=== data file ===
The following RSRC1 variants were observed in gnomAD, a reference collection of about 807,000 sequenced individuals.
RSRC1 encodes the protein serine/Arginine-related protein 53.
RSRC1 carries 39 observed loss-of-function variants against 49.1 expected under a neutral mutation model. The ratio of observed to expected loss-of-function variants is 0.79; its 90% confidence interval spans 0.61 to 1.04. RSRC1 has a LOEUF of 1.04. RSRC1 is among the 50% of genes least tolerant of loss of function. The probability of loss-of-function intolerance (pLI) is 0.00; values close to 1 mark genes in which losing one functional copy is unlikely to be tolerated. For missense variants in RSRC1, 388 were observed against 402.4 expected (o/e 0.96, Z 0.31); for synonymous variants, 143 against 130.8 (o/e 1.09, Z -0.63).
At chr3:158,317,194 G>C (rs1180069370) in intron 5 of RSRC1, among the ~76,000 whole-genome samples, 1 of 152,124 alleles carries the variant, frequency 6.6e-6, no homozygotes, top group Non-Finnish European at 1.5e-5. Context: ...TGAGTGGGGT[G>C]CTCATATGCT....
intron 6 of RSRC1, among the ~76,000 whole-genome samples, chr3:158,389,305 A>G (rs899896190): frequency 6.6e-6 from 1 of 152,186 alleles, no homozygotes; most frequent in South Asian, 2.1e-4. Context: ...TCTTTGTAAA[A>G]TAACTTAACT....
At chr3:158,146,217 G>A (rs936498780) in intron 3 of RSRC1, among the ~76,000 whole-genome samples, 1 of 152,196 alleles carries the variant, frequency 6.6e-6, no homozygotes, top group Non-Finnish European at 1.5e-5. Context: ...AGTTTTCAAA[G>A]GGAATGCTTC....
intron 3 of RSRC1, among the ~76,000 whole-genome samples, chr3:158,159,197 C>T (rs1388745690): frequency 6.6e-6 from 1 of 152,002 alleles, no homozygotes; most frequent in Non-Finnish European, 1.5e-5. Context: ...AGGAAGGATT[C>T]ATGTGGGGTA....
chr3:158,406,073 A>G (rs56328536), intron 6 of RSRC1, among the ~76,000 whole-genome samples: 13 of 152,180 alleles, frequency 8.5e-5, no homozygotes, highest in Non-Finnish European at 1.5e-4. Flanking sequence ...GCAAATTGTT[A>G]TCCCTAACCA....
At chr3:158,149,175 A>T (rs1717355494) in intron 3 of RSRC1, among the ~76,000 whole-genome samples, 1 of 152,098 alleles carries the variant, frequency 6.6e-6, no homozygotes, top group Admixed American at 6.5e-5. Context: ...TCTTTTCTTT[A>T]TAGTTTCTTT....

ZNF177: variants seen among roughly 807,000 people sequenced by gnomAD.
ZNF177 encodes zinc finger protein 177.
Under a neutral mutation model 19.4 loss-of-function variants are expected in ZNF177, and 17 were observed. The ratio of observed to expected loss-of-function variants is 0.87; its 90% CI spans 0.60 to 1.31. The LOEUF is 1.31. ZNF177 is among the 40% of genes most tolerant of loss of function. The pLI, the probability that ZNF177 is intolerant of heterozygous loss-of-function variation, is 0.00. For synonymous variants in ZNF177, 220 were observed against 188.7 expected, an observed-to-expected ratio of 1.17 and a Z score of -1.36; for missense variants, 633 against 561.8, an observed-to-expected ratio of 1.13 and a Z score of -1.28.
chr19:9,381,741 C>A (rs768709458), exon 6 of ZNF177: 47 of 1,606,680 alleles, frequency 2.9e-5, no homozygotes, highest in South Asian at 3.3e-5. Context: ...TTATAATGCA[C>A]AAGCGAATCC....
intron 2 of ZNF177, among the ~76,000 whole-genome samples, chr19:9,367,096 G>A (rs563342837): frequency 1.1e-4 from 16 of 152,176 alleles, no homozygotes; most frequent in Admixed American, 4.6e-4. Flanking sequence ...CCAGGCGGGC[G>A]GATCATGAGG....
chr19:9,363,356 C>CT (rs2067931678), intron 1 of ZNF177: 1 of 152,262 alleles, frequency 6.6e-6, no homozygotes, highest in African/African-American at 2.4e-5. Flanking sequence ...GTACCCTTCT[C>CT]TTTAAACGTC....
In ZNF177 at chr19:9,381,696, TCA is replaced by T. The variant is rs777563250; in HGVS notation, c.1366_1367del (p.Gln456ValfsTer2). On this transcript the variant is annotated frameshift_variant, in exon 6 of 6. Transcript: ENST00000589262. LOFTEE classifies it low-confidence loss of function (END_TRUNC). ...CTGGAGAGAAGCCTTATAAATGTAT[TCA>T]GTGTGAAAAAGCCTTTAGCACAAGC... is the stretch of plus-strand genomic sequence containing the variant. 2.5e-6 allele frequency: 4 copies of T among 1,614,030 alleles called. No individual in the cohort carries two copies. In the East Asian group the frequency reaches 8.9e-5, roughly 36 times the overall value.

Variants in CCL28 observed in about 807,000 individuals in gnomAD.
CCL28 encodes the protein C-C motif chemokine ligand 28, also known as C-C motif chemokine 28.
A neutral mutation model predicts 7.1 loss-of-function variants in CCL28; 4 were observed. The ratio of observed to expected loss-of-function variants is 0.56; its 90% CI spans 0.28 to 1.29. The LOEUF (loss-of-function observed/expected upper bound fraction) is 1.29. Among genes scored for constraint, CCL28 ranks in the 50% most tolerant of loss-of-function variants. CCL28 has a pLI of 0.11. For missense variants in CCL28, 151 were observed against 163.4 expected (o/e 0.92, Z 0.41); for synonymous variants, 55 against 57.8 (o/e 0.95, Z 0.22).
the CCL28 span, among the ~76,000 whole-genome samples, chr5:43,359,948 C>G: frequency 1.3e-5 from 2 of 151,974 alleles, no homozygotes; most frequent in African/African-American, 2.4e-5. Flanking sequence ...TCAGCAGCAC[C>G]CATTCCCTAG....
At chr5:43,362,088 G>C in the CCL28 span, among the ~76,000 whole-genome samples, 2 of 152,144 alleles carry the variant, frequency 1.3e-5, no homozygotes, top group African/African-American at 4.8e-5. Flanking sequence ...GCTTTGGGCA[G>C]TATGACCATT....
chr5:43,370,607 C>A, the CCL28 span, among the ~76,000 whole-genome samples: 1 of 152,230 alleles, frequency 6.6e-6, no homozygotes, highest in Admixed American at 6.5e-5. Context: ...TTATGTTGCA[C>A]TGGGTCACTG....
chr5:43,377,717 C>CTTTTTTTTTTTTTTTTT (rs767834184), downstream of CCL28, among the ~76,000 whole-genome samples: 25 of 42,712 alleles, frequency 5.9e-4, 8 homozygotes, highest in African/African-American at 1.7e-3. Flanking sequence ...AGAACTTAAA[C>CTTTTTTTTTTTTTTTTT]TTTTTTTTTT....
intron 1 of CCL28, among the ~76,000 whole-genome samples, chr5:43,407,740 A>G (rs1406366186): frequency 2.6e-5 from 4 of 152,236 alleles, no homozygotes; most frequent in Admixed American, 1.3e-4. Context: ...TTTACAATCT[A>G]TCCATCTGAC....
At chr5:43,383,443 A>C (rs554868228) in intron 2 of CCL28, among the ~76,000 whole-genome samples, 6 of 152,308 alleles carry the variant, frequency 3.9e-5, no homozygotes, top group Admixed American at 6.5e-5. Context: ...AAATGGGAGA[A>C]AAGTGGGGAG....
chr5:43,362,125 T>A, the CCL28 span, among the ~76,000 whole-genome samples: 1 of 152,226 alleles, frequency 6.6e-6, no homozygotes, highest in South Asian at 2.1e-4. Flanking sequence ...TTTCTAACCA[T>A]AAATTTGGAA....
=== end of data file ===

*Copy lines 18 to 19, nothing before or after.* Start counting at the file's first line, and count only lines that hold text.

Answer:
CCL28 encodes the protein C-C motif chemokine ligand 28, also known as C-C motif chemokine 28.
A neutral mutation model predicts 7.1 loss-of-function variants in CCL28; 4 were observed. The ratio of observed to expected loss-of-function variants is 0.56; its 90% CI spans 0.28 to 1.29. The LOEUF (loss-of-function observed/expected upper bound fraction) is 1.29. Among genes scored for constraint, CCL28 ranks in the 50% most tolerant of loss-of-function variants. CCL28 has a pLI of 0.11. For missense variants in CCL28, 151 were observed against 163.4 expected (o/e 0.92, Z 0.41); for synonymous variants, 55 against 57.8 (o/e 0.95, Z 0.22).